(Photo Credits: Screengrab from Carson Tueller’s Official Instagram Account)
Hey, guys! Our hottie of the day is 29-year-old openly gay man Carson Tueller, an LGBTQ+ and disability advocate. Carson is an American blogger, speaker, presenter, and personal development coach currently based in New York City. This BS Psychology graduate is a swimmer and a dog and music lover who has worked as a private flute and piano instructor.
Carson’s got a pair of soulful eyes and a bedimpled smile; but handsome physical features aside, he is a beautiful guy inside as well not to mention he’s such an inspiring and amazing person. It’s what we love about him the most—his spirit and his extraordinary resilience.
In December 2013, shortly after Christmas, Carson—who was then a college student at Weber State University in Utah—had a terrible accident at a trampoline park that broke his neck and left him paralyzed from the chest down. Carson recalls about the accident in an interview, “I remember…all this anxiety over not being able to move anything and not knowing what’s going on.” Carson said however that “It’s hard to fail or give up or feel despair when you have so many people believing in you.”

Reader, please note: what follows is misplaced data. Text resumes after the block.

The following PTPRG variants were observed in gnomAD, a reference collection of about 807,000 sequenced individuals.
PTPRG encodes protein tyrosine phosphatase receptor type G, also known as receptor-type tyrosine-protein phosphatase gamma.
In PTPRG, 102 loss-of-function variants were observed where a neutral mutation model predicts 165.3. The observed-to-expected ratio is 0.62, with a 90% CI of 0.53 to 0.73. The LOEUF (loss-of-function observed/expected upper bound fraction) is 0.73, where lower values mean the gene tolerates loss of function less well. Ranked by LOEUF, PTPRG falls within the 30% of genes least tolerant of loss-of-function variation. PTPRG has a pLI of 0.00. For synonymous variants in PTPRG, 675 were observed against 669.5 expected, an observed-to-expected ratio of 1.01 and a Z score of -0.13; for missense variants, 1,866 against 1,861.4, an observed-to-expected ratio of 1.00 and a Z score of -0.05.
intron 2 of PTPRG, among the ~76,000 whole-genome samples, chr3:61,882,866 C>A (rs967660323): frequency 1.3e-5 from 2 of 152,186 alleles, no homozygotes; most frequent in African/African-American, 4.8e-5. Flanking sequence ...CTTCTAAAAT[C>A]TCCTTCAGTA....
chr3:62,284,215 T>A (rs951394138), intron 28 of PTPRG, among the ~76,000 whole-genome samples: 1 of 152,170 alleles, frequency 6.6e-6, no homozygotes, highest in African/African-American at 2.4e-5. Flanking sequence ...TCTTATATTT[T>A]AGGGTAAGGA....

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This photo was taken a month before my injury. I was a swimmer, so I was always lean and had visible abdominal muscles. Honestly, it wasn’t anything I thought much of until I started dating men. I realized that body function, shape and size were all very important factors to others. I noticed that gay men talked about 6-packs a lot. When I was injured just a month later, I lost 35 lbs, basically everything you see in that photo. My body was permanently altered, and I became aware of the parts of me that no longer fit the mold of a good body. I started to believe that no one would want a paralyzed man. I felt that the changes in my body constituted changes in my value. I kept hearing the word, “depreciated”, running through my head. It took years to unravel the ableism and body standards that were ingrained in me. I started to challenge the idea of what a “good” body was. I discovered that my body was perfect just as it was, and that worth had nothing to do with my body (yours doesn’t either, btw). I experienced a paradigm shift that felt like a rebirth. This gave me the power to pursue my dreams. I traveled the world, I finished my degree, I pursued romantic and sexual relationships, I created the life I wanted. And this is why I am so passionate that people embrace their bodies: our power and freedom depend on it. If we resist our bodies, we cannot live freely. We live in a disempowered state. Our world revolves around changing or shaping them to match an arbitrary ideal. But our bodies change. They grow, they shrink, they injure, they heal, they stretch, they scar… they’re unparalleled biological machines… and they are designed to deteriorate. This is a beautiful part of being human, and we fear this like nothing else because we’ve conflated our worth with our bodies. I was no more valuable standing with visible abs than I am sitting without them. My body is a vessel. It is a miracle. It is perfect and does its job. My worth exists separate from whatever changes may come to my body, and yours does too. I invite you to move into your power and freedom by embracing your body, just as it is.